Solutions are made at varying concentrations. We have many units to signify concentration, the amount of solute to solution ratio. Perhaps the most common concentration unit in chemistry is molarity, abbreviated (M).
Molarity is the defined as the number of moles of solute per liter of total solution.
For example, a 2M solution of NaCl means that 2 moles of NaCl (equivalent to 117 grams) is dissolved in enough water to make 1 liter of solution.
NOTE: The solute is NOT added to 1 L of water—that would result in a volume of more than 1L because the 117 grams of NaCl takes up some volume. So we add less than 1L of water, technically.
If you wanted to make 2L of this solution, you would have to use twice as much solute: 4 mols (234 grams) and add enough water to make 2L of solution.
You could also make 0.5 L or 500 mL, in which case you would take half as much solute: 0.5 mols (58.5 grams) and add enough water to make 500 mL of solution.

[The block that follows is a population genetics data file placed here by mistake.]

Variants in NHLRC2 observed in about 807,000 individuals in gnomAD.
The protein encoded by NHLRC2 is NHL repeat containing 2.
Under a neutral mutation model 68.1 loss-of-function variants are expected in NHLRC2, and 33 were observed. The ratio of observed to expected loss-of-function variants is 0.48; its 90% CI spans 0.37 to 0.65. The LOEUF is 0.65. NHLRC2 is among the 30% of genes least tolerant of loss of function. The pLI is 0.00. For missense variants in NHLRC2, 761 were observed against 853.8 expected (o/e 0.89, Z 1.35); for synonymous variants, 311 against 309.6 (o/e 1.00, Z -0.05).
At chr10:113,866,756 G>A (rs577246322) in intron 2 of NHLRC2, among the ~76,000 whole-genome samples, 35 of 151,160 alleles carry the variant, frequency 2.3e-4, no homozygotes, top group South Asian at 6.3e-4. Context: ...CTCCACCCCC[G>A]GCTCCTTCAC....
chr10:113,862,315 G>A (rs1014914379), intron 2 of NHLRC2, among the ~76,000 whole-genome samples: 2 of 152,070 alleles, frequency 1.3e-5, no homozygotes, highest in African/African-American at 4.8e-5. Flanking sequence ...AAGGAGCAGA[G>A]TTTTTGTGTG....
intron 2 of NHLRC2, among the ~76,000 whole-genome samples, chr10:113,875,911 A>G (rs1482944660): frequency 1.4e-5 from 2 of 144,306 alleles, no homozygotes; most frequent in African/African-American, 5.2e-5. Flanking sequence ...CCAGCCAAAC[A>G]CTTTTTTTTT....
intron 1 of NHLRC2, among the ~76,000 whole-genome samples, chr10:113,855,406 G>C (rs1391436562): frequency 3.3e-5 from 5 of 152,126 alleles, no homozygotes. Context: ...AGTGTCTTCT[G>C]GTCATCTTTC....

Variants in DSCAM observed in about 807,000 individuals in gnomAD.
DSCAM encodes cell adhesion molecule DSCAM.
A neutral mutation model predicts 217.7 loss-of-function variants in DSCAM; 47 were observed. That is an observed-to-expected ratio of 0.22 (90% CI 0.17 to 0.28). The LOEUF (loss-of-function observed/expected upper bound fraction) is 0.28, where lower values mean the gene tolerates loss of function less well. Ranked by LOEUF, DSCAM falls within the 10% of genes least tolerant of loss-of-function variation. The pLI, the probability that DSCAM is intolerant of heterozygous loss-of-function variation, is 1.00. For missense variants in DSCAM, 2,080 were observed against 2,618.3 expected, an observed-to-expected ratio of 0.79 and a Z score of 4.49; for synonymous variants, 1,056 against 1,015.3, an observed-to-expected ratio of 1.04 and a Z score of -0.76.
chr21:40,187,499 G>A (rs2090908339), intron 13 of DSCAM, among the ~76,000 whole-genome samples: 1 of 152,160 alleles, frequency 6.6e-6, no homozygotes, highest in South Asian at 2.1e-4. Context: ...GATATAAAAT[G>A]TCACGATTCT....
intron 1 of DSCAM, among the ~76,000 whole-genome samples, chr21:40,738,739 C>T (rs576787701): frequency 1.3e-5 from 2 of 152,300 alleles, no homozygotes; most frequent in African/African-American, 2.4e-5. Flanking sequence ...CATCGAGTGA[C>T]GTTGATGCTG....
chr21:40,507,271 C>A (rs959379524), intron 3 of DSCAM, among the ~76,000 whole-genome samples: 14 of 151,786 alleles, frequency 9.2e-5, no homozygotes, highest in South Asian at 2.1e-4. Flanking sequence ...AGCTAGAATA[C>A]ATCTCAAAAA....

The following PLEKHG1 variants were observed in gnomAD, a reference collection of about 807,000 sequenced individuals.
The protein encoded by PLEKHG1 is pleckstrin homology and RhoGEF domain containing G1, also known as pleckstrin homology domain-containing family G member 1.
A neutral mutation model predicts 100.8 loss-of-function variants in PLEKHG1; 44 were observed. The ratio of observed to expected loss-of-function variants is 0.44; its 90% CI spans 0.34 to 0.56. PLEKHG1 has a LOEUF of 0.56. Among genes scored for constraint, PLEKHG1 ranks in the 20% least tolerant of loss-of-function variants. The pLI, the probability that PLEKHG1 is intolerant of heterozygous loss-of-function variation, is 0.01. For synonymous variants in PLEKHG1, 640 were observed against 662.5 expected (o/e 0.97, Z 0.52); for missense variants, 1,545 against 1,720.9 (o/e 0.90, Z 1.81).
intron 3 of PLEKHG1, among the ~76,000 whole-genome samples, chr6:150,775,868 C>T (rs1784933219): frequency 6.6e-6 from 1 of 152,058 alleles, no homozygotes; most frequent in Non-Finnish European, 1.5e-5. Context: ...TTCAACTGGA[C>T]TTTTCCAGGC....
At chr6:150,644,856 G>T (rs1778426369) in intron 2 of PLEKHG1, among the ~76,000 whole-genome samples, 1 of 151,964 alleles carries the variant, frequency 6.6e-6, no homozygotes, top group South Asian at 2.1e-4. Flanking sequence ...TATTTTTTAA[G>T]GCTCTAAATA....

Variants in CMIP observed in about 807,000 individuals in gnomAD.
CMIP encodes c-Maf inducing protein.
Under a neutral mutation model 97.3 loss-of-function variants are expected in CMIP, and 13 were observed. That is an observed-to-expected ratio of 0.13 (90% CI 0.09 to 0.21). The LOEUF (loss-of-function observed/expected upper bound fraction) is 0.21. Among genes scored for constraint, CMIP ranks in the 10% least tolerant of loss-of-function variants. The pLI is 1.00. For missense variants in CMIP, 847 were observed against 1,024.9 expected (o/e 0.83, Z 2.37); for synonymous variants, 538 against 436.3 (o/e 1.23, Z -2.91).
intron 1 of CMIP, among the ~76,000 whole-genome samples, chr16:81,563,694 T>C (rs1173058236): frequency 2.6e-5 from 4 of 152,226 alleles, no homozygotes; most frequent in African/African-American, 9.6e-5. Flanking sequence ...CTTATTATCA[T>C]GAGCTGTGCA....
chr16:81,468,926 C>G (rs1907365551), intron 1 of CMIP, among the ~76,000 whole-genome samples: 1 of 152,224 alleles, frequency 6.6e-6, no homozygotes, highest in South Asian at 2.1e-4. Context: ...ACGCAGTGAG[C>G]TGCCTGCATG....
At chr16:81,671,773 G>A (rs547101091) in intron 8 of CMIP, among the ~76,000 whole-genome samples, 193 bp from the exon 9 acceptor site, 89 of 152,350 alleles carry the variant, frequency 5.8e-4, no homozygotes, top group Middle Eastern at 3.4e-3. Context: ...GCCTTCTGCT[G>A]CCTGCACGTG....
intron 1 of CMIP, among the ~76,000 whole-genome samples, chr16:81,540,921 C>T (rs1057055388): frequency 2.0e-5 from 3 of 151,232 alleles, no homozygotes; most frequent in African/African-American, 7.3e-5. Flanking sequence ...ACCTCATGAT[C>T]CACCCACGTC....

All of these scenarios would make the same molarity because the ratios would be equal.
You will have to rely on gram to mole conversions to calculate molarity properly. Also, don’t forget to use liters as your unit of volume—you may have to convert from mL to L in some problems!
Related Byte: mL to L conversion and gram to mole conversions
Example: What is the molarity of a solution containing 345 grams of CaCl2 dissolved enough water to make 750 mL?
- Mass = 345 grams CaCl2 → convert to moles
- Volume = 750 mL → convert to Liters
750 mL = 0.750 L
Example: How many grams of Mg(NO3)2 should be used to form 2 liters of a 1.5M solution?
- Volume = 2L
- Molarity = 1.5M